The fact that we are all human means that we are all capable of, and likely to make errors. In the above example, I think we can equate human factors to gravity, known and often increasing as time progresses in complex resuscitations. The wind and many other factors such as bullet weight, velocities, etc. make up the balance of patient inputs and environmental/equipment considerations during these events. I think that all too often we equate successful, safe operations with those that have little to no error. We must remember that error exists in success and failure alike. It is successful systems that build in a response to errors, strive for limited errors, and diminishing the consequence of those errors.
Safety is defined as being protected from or unlikely to cause danger, risk, or injury. I argue that in order to do this we must allow for error. It is in situations where things don’t go just as we would like that the most reflection occurs. That moment that we feel we made an “error”. An error is simply defined as the state or condition of being wrong in conduct or judgment. It is in this state where we have the greatest capacity for change or becoming less likely to cause danger, risk, or injury. We become safer through error! It is an error without significant consequence that we should be most interested in. This is where we can identify issues with systems or processes before a significant consequence is experienced.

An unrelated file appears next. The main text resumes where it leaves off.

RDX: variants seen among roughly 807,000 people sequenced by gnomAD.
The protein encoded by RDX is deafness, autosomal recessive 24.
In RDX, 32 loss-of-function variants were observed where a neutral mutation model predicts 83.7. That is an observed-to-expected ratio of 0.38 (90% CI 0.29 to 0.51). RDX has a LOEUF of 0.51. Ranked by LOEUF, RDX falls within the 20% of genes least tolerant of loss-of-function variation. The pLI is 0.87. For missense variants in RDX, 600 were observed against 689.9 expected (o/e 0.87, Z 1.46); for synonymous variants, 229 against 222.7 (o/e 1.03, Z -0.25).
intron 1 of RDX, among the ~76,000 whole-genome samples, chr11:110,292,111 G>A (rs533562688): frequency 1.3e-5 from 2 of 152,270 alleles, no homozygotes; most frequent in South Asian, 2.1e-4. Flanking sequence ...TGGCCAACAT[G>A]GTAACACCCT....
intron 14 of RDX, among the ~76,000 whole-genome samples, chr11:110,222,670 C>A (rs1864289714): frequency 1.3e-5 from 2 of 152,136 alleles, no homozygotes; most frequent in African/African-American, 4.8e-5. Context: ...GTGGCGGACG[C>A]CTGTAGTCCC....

The primary corrective strategy we must embrace is that assigning blame whether intrinsic or extrinsic, is wasted time and energy. It is not possible to blame and improve at the same time. This is vital for people at all levels to embrace, but particularly in management/leadership. A just culture where people feel empowered to come forward with errors is vital to safe and secure operations. Errors are going to occur, and it is our knowledge of them that allows system and process modification to prevent similar errors moving forward. Think of it like this, if you are a parent meeting your child’s first “boyfriend or girlfriend”, it is your response that often dictates whether you meet the next one or not.
Better “hot wash” or post-incident review of those events we deem as largely successful is the other area I believe we have a capacity for change. There is always something that we can take from any degree of success. This is particularly true if the above culture exists and providers of all levels feel free to come forward with opportunities that may seem insignificant or having little effect. This valuable discussion can aid others in understanding how we succeeded and potentially improve their own intuitive decision-making abilities. It is here where we can realize what we thought was a great success was fraught with error absent of significant consequence, this time! Please keep this in mind the next time you get ready to beat your chest and display bravado following an airway first-pass success. It is this environment coupled with a poor culture that discourages growth without adverse events.
Please remember that we are all human and while on this earth subject to gravity, just as my bullet was. The fact we will experience physical and cognitive changes under pressure must be just as widely accepted. It is our recognition of this and how we embrace innate human factors with resultant errors that will drive peak performance. If you are wondering, I was able to successfully repeat my first shot one time that day. Perhaps it was just luck, but either way, I have plenty to reflect upon and some ammo to go reload.